Thursday, July 5, 2012

Sugar Series - Sugar Panes, The Work of Rebecca Holland

Being designers, we're big fans of minimalist art.  Judd, Andre, Smith - you know the cast of characters.  But in our opinion, their work is missing that certain....tasty quality...

Enter the talented Ms Rebecca Holland, who has been around for a few years making incredible sculptures using beet sugar and electric pigments.  (We know the magical qualities of candy very well - it starts as a crystal, can be heated, manipulated by hand, cast, or grown into bigger crystals!  Amazing!)  She casts the sweet stuff in panes, blocks, strips, pours it, and crushes it, but using the sweet medium to inspire the viewer to think about space in a new way.

Green Planks 2007

One of our favorite installations was in 2007 at the Barry Whistler Gallery in Dallas, Texas.  Included in the installation were bright yellow cast sugar cement blocks sealed in polyurethane, 78 inch Green Planks in a variety of citron hues leaning perilously against the gallery wall, and a luminescent line that brings to mind the work of Dan Flavin.  Two strips of brightly colored candy bend around a corner, and when seen from afar the lines appear to be one continuous line, visually connecting the two spaces. 

Upon first glance the panes seem to have the same properties as glass, but upon realizing their crystal make up, they seem so much more fragile and treacherous.  The pink and chartreuse hues tease the viewer, making the panes seem more playful than fragile.  It's the color that makes these panes so magical - they seem to emit light, glowing in the gallery space.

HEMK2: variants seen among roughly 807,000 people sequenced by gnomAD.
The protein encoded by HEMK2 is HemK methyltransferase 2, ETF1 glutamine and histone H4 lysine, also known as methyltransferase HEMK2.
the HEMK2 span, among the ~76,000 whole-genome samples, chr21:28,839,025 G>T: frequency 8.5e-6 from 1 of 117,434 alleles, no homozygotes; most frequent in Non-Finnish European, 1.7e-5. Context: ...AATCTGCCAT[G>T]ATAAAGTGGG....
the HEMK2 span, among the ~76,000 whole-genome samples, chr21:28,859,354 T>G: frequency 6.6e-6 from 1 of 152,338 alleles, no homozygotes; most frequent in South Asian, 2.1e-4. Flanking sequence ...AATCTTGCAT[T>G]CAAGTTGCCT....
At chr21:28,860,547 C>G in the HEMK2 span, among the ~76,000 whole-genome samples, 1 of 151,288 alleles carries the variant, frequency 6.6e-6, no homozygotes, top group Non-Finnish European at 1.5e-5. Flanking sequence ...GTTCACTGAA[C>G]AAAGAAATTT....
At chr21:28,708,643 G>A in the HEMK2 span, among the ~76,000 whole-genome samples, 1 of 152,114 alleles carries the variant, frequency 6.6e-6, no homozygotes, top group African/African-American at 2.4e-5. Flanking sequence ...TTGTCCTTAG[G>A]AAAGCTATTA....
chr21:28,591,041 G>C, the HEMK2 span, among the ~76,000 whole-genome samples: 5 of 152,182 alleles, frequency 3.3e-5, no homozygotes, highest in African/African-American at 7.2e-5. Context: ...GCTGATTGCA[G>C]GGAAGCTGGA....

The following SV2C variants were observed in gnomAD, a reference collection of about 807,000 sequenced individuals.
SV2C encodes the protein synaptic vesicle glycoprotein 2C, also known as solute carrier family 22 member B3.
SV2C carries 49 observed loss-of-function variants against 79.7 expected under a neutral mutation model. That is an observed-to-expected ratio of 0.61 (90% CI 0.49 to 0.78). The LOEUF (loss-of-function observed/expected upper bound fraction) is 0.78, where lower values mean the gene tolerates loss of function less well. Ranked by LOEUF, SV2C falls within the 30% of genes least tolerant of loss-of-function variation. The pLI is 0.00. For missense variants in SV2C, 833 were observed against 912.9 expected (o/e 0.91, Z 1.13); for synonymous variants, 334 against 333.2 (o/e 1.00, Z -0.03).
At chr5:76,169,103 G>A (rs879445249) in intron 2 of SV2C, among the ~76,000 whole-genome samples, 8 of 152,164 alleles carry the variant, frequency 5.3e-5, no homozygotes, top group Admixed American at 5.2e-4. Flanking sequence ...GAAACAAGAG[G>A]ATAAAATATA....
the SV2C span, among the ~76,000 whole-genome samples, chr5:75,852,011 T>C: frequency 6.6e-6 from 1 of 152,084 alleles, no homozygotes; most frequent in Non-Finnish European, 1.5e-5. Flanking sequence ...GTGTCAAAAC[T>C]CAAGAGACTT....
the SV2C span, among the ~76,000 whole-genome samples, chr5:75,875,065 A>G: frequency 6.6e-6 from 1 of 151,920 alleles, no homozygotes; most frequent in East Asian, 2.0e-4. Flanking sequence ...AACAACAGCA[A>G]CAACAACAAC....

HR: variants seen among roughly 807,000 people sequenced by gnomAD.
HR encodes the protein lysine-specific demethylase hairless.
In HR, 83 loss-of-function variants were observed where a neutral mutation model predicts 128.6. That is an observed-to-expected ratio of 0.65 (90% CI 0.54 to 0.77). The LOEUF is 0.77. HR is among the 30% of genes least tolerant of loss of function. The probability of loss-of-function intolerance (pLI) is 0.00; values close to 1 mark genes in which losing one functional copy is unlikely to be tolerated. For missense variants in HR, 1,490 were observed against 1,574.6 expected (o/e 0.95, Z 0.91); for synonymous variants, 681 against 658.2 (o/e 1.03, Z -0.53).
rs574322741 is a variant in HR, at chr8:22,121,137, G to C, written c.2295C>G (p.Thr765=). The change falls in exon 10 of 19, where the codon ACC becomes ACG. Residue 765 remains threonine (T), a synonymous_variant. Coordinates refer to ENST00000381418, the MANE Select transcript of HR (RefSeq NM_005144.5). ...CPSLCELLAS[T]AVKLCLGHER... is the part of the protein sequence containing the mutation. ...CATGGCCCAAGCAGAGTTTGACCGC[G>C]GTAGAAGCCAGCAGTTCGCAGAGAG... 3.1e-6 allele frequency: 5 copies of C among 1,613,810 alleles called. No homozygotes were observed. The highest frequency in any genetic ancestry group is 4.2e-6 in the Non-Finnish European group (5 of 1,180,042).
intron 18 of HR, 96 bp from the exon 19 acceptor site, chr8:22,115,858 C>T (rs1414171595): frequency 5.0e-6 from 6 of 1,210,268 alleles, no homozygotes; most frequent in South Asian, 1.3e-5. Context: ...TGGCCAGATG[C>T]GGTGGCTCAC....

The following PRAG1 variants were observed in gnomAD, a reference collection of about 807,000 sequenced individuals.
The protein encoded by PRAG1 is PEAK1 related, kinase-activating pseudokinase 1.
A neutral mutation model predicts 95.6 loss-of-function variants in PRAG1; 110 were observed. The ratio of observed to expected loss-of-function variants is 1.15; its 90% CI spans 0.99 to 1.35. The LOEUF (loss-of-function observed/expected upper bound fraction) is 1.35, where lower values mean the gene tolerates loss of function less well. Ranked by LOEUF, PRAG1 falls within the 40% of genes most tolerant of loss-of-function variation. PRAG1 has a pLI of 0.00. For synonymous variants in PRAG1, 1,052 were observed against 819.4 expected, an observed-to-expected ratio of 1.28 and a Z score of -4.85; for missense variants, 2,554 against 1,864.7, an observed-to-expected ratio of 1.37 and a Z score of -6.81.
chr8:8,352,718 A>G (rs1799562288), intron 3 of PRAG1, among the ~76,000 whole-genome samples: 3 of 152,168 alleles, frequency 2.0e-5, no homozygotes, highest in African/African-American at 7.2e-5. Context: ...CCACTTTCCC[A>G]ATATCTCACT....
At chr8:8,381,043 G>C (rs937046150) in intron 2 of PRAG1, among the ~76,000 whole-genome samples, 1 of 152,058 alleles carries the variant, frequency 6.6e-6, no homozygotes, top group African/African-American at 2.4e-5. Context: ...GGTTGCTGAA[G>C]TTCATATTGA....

Pink Sheets 2007

Barry Whistler Gallery 2007

Sugar Blocks 2007

Hot Candy Lines 2007

In another one of our favorites, Glaze (2003),  Ms Holland covered a floor of the Mattress Factory in Pittsburgh, with Green Candy - letting the candy slowly melt into a drain in the corner of the room.  Additionally, she has done installations using crushed candy, defining a strict boundary with the luminescent crystalline dust. 

I think it is important to make our environment more visible and bring up the question of how much of our physical world we really see. Nowadays we are numbed by noise, media, and virtual space, creating a situation in which we are less and less able to simply observe and discover our immediate surroundings.
via Spread Santa Fe

We can't seem to find a website for Ms Holland, and would love to see what projects she's coming up with next.  Perhaps a house made of those sugary cinder blocks?  After all, no shelter is permanent...

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